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Friday, June 16, 2017

Sabah hotels want Customs to collect tourism tax

KOTA KINABALU - After asking for a year’s deferment of the tourism tax, Sabah hoteliers now want the tax be collected by the Customs Department.

Malaysia Association of Hotels, Sabah and Labuan chapter Thomas Willie claimed collecting the tax at the Custom Department’s major exit and or entry points would help to solve the complexities of the tourism tax.

“This would ensure that all tourists are subject to the tax, regardless of who their accommodation provider is, and considerably simpler and easier to administer for the government.

“If you do it this way, you can start tomorrow even,” said Willie.

Willie was also speaking on behalf of the Sabah United Chinese Chamber of Commerce, Sabah Tourist Association, Sabah Hotels Association, Malaysia Budget Hotels Association — Sabah chapter, Sabah Backpackers Association and Malaysian Association of Tours and Travel Agents (Matta).

The group previously said that imposing the tax on July 1 would incur too much cost from adjusting their accounting systems, heavily affect the hotel industry, cause a rise in demand for unregistered accommodation providers and potentially cause them legal implications with their published hotel rates.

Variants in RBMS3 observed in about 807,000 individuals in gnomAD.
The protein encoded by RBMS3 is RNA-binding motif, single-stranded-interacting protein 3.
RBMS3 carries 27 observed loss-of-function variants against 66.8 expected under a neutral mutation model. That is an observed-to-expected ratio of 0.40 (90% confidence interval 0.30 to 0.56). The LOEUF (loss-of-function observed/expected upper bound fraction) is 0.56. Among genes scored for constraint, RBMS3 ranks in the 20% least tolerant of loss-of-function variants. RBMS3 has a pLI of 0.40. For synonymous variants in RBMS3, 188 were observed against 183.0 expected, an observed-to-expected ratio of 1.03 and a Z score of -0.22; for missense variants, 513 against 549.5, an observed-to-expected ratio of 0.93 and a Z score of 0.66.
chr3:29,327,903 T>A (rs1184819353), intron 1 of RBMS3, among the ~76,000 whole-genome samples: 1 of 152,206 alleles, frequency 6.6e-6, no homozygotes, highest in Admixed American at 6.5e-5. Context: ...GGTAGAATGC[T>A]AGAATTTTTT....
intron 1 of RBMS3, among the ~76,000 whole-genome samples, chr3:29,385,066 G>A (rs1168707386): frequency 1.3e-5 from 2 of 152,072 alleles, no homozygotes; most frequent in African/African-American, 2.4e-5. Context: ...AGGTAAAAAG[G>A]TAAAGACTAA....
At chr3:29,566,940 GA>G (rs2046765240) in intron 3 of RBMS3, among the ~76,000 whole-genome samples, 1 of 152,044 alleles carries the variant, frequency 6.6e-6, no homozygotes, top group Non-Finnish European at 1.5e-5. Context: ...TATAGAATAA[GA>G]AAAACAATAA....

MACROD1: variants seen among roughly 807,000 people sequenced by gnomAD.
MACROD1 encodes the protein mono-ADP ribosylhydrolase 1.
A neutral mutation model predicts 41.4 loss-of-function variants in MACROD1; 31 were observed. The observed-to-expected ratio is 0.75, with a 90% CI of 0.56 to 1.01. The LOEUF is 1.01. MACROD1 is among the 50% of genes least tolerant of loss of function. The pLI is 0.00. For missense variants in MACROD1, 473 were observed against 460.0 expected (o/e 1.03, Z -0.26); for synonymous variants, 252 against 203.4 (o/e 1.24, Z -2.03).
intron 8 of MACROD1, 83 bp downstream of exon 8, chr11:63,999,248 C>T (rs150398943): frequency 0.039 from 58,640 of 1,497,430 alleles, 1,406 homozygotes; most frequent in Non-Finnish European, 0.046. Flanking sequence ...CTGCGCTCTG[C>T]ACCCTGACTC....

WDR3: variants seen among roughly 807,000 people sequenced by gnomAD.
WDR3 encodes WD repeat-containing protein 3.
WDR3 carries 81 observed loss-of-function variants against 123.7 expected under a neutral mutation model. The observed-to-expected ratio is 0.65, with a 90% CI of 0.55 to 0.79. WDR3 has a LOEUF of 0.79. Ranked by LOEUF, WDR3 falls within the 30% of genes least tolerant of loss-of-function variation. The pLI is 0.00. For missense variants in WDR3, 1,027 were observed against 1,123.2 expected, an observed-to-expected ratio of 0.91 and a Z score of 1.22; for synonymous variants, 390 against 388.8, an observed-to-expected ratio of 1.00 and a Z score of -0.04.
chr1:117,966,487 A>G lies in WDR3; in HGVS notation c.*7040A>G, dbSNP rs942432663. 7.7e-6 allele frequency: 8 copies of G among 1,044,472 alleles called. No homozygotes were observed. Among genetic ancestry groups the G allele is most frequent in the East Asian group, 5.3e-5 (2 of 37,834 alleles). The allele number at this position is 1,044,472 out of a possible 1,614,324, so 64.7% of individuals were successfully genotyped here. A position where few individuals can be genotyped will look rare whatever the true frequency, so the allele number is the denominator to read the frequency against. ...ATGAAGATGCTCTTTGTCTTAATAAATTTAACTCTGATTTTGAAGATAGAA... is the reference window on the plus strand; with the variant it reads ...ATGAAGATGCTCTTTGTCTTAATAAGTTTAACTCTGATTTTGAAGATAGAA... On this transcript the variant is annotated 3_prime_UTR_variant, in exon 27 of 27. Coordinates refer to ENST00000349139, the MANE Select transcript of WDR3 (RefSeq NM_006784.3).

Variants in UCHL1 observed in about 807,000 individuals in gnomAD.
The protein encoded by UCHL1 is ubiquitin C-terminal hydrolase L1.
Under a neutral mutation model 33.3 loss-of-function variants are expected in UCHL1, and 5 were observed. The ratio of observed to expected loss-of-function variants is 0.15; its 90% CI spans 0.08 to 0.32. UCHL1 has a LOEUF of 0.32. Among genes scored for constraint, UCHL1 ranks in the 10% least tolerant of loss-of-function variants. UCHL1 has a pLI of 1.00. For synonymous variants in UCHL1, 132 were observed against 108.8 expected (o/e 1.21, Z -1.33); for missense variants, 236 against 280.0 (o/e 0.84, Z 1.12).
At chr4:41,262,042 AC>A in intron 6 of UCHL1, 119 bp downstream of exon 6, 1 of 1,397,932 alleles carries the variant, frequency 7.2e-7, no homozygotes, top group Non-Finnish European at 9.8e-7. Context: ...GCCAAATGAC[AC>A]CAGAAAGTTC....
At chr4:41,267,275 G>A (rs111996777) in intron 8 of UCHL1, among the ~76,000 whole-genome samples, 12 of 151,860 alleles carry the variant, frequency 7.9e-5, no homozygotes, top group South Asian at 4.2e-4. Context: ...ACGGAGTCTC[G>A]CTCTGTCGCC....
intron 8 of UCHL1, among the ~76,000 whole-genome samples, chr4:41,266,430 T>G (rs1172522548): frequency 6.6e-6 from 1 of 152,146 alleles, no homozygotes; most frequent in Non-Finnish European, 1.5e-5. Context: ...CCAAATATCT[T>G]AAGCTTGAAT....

“We are not opposed to the tax, per se, but we would like for some amendments to be made to its provisions and a deferment,” he said.

Matta vice president Datuk KL Tan said that Sabah and Sarawak should be part of the discussion in the imposition of the tax because the implications were significant.

According to the group, the current model of the tourism tax unfairly places the burden of tax collection on the registered hotels and leaves unregistered accommodation providers such as Airbnb, and other operators unregulated.

Willie said that there were 709 accommodation providers in Sabah, of which 299 were unregistered with the Ministry of Tourism and Culture.

“Even in the event where unregistered providers are registered, the proposed rate applicated to unrated providers are significantly lower although in direct competition to registers provider of similar quality.

“This will uneven the playing field significantly,” he said.

The tourism tax has been a controversial issue since minister Datuk Seri Nazri Aziz announced it would implemented on July 1, charging patrons between RM2.50 and RM20 for overnight stays at registered hotels and inns.

Sabah and Sarawak had both voiced disagreement with the tax, leading to an argument between Tourism and Culture Minister Datuk Seri Nazri Aziz and Sarawak counterpart Datuk Abdul Karim Rahman Hamzah.

Deputy Prime Minister Datuk Seri Ahmad Zahid Hamidi yesterday said the issue was resolved, with Sabah Chief Minister Datuk Seri Musa Aman and Sarawak Chief Minister Datuk Abang Johari Abang Openg agreeing that the tax was necessary but did not elaborate on the details of the rollout.

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